By letter dated May 7, 2004, petitioner requested permission to submit additional information that she allegedly was unable to obtain from respondent prior to commencing her appeal. In addition, by letter dated September 10, 2004, respondent requested permission to submit a copy of T.B.'s high school diploma dated June 27, 2004. Pursuant to �276.5 of the Commissioner's regulations, I have accepted both submissions.

The Commissioner will only decide matters in actual controversy and will not render a decision on a state of facts which no longer exist or which subsequent events have laid to rest (Appeal of B.K. and R.K., 44 Ed Dept Rep 195, Decision No. 15,146; Appeal of V.L., 44 id. 160, Decision No. 15,132; Appeal of Garvin, 44 id. 30, Decision No. 15,087). To the extent petitioner requests T.B.'s reinstatement, the matter is moot since T.B. graduated in June 2004. The appeal is not moot, however, insofar as petitioner seeks expungement of the disciplinary suspension from her son's records (Appeal of N.C., 42 Ed Dept Rep 119, Decision No. 14,794; Appeal of K.M., 41 id. 318, Decision No. 14,699) or a finding of misconduct with regard to the counselor.

The record indicates that T.B.'s five-day suspension was imposed by the assistant high school principal. An assistant principal is not authorized to suspend students from school (Education Law �3214[3][b][1]; Appeal of a Student Suspected of Having a Disability, 39 Ed Dept Rep 169, Decision No. 14,204; Appeal of Pinckney, 37 id. 284, Decision No. 13,860). Accordingly, the five-day suspension imposed by the assistant principal, on February 12, 13, 23, 24 and 25, 2004, must be annulled and expunged from the student's record (Appeal of a Student Suspected of Having a Disability, 39 Ed Dept Rep 169, Decision No. 14,204). I note that petitioner did not request expungement of the one-day, February 10, 2004, suspension although it also was imposed by the assistant principal.

There is no merit to petitioner's argument that the superintendent lacked the authority to adjudicate this matter because the alleged unlawful conduct occurred off school grounds. Prior Commissioner's decisions have upheld the suspension of students for off-campus conduct (Appeal of K.S., 43 Ed Dept Rep 492, Decision No. 15,063; Appeal of Ravick, 40 id. 262, Decision No. 14,477; Appeal of Orman, 39 id. 811, Decision No. 14,389). Case law has also recognized that students may be disciplined for conduct that occurred outside of the school that may endanger the health or safety or pupils within the educational system or adversely affect the educative process (Matter of Coghlan v. Bd. of Educ. of Liverpool Cent. School Dist., 262 AD2d 949, citingPollnow v. Glennon, 594 F.Supp. 220, 224, affd , 757 F.2d 496).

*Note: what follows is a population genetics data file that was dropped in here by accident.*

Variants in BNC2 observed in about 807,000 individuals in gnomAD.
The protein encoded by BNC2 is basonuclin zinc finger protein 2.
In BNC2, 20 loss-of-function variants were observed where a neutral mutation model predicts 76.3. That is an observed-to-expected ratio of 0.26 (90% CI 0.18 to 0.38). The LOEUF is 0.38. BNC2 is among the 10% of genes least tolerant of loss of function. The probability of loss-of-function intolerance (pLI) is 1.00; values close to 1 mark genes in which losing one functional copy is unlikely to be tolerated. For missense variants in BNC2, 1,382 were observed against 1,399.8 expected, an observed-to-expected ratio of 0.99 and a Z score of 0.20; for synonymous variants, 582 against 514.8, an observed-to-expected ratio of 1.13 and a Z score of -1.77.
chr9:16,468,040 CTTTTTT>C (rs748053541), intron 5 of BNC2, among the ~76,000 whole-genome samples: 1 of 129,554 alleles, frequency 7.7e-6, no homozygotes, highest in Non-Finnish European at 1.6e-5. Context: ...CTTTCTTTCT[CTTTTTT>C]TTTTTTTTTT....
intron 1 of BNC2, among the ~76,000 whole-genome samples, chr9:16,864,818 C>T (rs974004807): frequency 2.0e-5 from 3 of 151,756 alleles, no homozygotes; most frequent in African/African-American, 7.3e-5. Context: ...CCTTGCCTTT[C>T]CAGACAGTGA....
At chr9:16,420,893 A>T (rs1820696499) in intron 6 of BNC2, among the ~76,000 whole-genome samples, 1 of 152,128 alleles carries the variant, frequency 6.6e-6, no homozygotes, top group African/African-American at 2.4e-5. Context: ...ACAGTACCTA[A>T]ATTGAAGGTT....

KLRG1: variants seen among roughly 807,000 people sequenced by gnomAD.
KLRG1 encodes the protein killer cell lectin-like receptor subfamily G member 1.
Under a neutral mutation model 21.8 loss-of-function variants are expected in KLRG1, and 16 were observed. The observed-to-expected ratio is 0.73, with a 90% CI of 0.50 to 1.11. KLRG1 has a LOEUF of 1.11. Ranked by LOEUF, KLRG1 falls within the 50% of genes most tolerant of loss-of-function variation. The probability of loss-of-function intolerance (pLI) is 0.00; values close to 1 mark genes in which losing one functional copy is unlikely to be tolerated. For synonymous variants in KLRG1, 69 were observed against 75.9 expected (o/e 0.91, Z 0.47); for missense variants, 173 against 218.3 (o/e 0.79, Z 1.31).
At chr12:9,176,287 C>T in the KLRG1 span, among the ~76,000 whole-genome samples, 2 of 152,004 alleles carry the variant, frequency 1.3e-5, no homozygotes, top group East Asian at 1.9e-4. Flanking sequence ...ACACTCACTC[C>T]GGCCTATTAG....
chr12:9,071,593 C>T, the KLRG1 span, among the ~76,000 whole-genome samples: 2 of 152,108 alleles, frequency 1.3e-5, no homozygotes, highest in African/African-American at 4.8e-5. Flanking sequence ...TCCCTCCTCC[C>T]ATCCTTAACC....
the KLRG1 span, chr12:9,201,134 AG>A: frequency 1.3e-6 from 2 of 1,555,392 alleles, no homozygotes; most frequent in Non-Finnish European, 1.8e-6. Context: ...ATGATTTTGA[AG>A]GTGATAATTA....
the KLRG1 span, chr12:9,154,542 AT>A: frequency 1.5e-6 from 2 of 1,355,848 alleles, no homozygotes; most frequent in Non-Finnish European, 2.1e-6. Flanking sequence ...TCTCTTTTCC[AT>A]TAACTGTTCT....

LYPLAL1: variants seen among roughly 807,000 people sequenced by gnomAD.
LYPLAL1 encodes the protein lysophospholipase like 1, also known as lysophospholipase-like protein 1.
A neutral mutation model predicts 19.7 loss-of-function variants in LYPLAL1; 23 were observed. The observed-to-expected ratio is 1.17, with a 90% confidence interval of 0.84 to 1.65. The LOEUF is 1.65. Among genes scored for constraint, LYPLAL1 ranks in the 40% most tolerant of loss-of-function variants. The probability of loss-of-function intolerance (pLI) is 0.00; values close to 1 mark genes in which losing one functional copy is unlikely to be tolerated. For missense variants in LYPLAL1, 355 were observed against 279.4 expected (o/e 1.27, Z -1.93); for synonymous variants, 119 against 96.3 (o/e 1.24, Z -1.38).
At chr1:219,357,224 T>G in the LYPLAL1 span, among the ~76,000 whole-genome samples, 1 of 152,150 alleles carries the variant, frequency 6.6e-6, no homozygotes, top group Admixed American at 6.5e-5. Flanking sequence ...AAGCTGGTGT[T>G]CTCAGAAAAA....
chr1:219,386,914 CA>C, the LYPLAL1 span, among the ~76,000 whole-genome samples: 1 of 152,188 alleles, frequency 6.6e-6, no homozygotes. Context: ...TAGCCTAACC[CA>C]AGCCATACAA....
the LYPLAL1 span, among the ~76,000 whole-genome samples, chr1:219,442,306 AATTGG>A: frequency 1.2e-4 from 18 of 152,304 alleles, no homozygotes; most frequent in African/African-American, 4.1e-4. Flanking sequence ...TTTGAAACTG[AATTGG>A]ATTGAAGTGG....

The decision to suspend a student from school pursuant to Education Law �3214 must be based on competent and substantial evidence that the student participated in the objectionable conduct (Bd. of Educ. of Monticello Cent. School Dist. v. Commissioner of Educ., et al., 91 NY2d 133; Bd. of Educ. of City School Dist. of City of New York v. Mills, et al., 293 AD2d 37; Appeal of L.T., 44 Ed Dept Rep 89, Decision No. 15,107). A hearing officer may draw a reasonable inference if the record supports the inference (Bd. of Educ. of Monticello Cent. School Dist. v. Commissioner of Educ., et al., 91 NY2d 133; Appeal of a Student with a Disability, 44 Ed Dept Rep 136, Decision No. 15,124; Appeal of M.P., 44 id . 132, Decision No. 15,123). I find substantial evidence in the record to support both the hearing officer's findings of fact and respondent's determination.

In cases of student discipline, the sanction imposed must be proportionate to the severity of the offense involved. The test to be applied in reviewing a penalty is whether it is so excessive as to warrant substitution of the Commissioner 's judgment for that of the board of education (Appeal of a Student Suspected of a Disability, 44 Ed Dept Rep 158, Decision No. 15,131; Appeals of J.J., 44 id. 113, Decision No. 15,115; Appeal of D.C., 43 id. 217, Decision No. 14,976). In light of the seriousness of T.B.'s threats, I cannot conclude that a four-and-half-month suspension with alternative instruction provided, is inappropriate. Accordingly, I decline to substitute my judgment for that of respondent.

Finally, I will not admonish respondent's guidance counselor. The Commissioner of Education has no authority to order disciplinary action against school personnel (seeAppeal of J.K., 41 Ed Dept Rep 337, Decision No. 14,705; Appeal of D.H., 41 id. 142, Decision No. 14,640). Furthermore, respondent's guidance counselor has not been joined in this appeal. Accordingly, the claims for relief against the counselor must be dismissed (seeAppeal of D.B., 44 Ed Dept Rep 230, Decision No. 15,157; Appeal of R.M. and L.M., 44 id. 218, Decision No. 15,154; Appeal of Hoffman, 43 id. 160, Decision No. 14,953).

THE APPEAL IS SUSTAINED TO THE EXTENT INDICATED.

IT IS ORDERED that respondent expunge from the records of T.B. any reference to his suspension during the period of February 12 to February 25, 2004.

END OF FILE